Adult unpaid carers feel ignored by the government

A Carers Trust survey has found that the overwhelming majority of unpaid carers believe that ‘successive governments have ignored the needs of unpaid carers for a long time’.

There is a near total sense among survey respondents of feeling abandoned by government over a long time, with 86 per cent of unpaid carers either agreeing or strongly agreeing with the sentiment.

The survey results also demonstrated how many unpaid carers are being driven into acute financial hardship because of their caring role, with inadequate financial support from successive governments widely cited by survey respondents in their written responses.

A separate poll of the UK public by research company Opinium for Carers Trust found that UK adults support the need for unpaid carers to receive more support from the government.

The poll found that four in five UK adults think that the government needs to do more to support unpaid carers and more than two thirds agreed that all unpaid carers should receive financial support from the government.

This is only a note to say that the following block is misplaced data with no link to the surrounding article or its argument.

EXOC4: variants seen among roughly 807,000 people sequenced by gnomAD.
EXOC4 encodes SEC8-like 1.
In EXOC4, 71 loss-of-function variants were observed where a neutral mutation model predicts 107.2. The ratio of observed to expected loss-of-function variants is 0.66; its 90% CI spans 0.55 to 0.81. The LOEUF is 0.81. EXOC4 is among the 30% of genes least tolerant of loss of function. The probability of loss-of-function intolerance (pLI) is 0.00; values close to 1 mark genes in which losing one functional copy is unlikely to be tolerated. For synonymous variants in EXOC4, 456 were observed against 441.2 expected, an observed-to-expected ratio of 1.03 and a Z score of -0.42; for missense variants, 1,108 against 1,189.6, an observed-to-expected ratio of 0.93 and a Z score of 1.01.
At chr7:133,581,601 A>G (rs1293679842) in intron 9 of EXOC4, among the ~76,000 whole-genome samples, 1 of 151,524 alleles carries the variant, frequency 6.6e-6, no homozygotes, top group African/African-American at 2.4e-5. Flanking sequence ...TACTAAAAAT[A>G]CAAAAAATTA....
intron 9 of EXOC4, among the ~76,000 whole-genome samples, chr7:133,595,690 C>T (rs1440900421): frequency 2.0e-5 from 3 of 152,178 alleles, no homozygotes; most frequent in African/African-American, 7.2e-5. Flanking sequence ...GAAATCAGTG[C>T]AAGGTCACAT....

Almost half of UK adults did not agree that Carer’s Allowance is a fair level of support for an unpaid carer looking after a family member or friend for a minimum of 35 hours a week.

David Fothergill, chairman of the Local Government Association’s Community Wellbeing Board, said: “Our care system could not survive without the contribution of unpaid carers, who provide vital support for thousands of people every day. Councils fully recognise their crucial role and assess and support hundreds of thousands of carers every year but could do even more with the right resources.

“The government needs to do more to help unpaid carers who are the backbone of care and support and provide invaluable support to their loved ones. In the recent adult social care white paper, there is helpful recognition of the crucial role played by unpaid carers and a clear commitment to empower them. However, this ambition does not appear to be matched with a proportionate allocation of funding to bring about the kinds of changes needed.

“The only dedicated funding aligned to this priority is £25 million to pilot a change in the services provided to support unpaid carers. Whilst any investment is to be welcomed, this needs to be seen in the context of the estimated £111 billion of care provided by unpaid carers since the start of the pandemic. Any successes to come from these pilots should be given sustainable funding.”

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